It is a human trait to be attracted to beautiful natural locations, and Manitou Park in Teller County, north of Woodland Park, along Colorado Highway 67, is no exception. The broad mountain valley parallels Trout Creek, a tributary of the South Platte River, and is bounded in the east by the Rampart Range, and in the west by the West Creek Range.
We do not know if Native Americans hunted or camped there, but the availability of water and game suggests as much. What we do know is that it didn’t take the residents of newly-founded Colorado Springs long to discover it for themselves. It is likely that the trappers of the early 19th century, and the gold seekers following the 1858/59 Pikes Peak or Bust Gold Rush were familiar with the area, but our historical knowledge becomes detailed only after Dr. William Abraham Bell, personal friend and business partner of General William Jackson Palmer, and founder of Manitou Springs, purchased a tract of land in 1872. He christened it Manitou Park and likely considered it a complement to his town at the base of Ute Pass. In the ensuing years, he developed it into a resort where well-heeled travelers could recreate with fishing, hunting, bowling, golfing, even gambling. 1874 saw the first in a succession of three hotels which occupied the valley, each of which succumbed to the all-too-common fate of wooden structures during the early settlement years — that of being consumed in a conflagration.
The Bell family eventually donated some of the property to Colorado College for a forestry program, but after its discontinuation, it came into the possession of the government. In combination with other private holdings and public lands, the Manitou Experimental Forest was founded in 1936. Initial efforts for the site focused on revegetating forests and rangeland which had been depleted by uncontrolled logging and grazing operations. Subsequent research emphasized fire management, meteorology, habitat and wildlife preservation. One fascinating field of study revolves around Flammulated Owls. Since the 1980s, Professor Brian Linkhart from Colorado College has dedicated his career to the examination of their migration, breeding, and nesting behavior, and has accumulated a wealth of knowledge about this elusive, diminutive owl species of western pine forests which overwinters in Mexico and spends summers in Colorado.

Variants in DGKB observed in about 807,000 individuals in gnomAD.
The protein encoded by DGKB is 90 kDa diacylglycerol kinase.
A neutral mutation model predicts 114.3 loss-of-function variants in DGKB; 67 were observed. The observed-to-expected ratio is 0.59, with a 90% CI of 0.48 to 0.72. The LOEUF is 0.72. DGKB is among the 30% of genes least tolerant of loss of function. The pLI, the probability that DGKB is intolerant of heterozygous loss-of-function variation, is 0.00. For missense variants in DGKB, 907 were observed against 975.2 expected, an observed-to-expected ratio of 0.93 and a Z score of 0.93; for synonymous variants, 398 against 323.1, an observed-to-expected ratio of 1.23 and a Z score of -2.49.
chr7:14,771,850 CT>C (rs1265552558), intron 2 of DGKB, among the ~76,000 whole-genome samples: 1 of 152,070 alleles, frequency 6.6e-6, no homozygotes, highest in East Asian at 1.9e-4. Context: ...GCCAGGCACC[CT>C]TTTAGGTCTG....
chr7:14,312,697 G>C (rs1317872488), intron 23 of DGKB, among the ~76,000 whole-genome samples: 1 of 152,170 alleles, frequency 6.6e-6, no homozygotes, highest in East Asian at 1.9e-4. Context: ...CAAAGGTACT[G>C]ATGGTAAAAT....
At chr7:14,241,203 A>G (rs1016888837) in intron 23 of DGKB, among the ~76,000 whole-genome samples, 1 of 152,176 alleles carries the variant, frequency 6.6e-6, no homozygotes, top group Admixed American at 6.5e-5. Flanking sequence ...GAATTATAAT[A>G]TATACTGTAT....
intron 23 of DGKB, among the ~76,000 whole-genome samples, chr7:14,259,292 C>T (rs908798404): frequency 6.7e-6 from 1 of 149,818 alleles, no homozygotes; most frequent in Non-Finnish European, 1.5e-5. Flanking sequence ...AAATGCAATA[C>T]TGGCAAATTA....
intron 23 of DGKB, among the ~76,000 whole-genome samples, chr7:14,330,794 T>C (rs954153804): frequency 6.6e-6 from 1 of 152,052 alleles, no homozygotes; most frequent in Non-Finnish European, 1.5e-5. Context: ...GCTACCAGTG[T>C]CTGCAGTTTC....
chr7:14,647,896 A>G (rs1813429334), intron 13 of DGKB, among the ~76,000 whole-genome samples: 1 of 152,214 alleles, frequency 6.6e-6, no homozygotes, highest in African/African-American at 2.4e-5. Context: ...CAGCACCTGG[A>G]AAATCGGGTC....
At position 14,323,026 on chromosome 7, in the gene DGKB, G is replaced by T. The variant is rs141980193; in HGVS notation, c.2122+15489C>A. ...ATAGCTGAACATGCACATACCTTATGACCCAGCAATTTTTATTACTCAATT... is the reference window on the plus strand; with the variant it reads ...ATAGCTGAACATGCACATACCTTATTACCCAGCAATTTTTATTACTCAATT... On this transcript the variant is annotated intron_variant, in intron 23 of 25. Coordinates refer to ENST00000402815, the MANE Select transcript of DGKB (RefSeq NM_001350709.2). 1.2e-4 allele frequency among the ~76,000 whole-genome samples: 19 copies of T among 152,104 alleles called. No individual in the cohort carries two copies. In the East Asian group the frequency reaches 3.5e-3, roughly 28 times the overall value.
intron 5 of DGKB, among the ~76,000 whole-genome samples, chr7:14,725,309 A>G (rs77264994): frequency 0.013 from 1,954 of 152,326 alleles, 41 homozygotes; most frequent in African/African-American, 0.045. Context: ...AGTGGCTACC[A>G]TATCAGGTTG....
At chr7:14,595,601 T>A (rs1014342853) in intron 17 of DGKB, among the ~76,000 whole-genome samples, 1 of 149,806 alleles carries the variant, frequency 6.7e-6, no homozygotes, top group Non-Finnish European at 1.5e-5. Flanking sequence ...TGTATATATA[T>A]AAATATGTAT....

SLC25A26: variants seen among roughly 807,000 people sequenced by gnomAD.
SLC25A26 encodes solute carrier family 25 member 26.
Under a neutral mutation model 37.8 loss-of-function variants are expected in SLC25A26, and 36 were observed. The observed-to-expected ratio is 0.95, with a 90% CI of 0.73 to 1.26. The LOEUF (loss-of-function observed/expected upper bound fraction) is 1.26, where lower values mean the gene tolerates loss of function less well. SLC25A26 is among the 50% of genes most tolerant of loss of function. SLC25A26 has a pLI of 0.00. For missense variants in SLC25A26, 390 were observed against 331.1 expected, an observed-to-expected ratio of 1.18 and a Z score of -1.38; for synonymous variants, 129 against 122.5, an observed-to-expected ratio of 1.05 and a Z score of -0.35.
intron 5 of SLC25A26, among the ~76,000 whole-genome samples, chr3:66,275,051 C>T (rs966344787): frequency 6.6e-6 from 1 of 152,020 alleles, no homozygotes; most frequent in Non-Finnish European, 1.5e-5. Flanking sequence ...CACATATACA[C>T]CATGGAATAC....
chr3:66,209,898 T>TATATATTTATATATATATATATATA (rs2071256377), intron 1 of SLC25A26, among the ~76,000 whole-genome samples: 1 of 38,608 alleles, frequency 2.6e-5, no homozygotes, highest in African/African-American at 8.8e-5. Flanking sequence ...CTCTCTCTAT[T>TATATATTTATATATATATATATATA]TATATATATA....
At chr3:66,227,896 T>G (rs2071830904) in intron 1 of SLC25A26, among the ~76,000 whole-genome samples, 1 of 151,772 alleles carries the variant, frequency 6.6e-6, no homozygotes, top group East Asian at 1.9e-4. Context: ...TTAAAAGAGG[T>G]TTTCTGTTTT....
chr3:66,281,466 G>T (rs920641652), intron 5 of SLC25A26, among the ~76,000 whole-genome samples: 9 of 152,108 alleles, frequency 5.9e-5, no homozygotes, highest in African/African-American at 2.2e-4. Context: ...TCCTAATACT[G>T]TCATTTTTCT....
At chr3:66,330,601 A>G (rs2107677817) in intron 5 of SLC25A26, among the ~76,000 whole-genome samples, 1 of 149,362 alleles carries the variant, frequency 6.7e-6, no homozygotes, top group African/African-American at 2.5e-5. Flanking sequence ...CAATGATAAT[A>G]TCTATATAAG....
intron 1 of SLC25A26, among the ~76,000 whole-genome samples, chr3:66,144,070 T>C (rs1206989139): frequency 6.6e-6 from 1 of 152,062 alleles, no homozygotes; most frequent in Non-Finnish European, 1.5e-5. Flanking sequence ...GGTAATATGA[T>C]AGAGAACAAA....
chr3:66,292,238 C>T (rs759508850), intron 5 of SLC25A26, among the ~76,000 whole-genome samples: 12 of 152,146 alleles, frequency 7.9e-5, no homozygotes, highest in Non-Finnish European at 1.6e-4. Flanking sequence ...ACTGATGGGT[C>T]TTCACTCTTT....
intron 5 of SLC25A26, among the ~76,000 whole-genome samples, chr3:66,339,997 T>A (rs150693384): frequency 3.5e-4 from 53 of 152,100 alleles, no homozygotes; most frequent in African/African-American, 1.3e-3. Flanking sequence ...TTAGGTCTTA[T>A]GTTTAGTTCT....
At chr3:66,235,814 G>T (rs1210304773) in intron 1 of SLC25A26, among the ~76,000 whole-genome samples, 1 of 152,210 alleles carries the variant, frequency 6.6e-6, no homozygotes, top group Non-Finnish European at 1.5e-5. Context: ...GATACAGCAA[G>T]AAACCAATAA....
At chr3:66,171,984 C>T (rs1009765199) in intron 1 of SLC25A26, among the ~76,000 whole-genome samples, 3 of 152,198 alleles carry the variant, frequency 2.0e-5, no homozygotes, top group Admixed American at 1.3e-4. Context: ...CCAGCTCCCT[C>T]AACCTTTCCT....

For the casual visitor, a trip to Manitou Lake Recreation Area is a pleasing way to experience a small portion of Manitou Park. A $6 entrance fee includes access to picnic tables, fishing (with a valid license), hiking, and nature observation. The setting is beyond picturesque. The astounding vistas of the north face of Pikes Peak alone would be worth a few hours of one’s time. Even though camping is no longer possible at Manitou Lake proper, several nearby Forest Service campgrounds are available whose fees include admission to the recreation site.
My visits to Manitou Lake have always centered on birding, and I have never been disappointed. What I remember best are flocks of white pelicans, a great blue heron rookery, waterfowl, warblers, flycatchers, jays, woodpeckers, hummingbirds, and myriad swallows, to mention only a few of the species which call this spot home, temporarily or otherwise. The wildflowers in the summer add color and texture to the canvas, and insect lovers will find many grasshoppers, damsel-, and dragonflies to boot.
I have only recently become more acquainted with Dr. Bell’s retreat in easy driving distance from Colorado Springs, and look forward to future excursions. Unlike him and his contemporaries, I won’t be playing golf, but like them, I will enjoy watching the canopy turn golden and Pikes Peak dress in white, while anticipating the return of spring.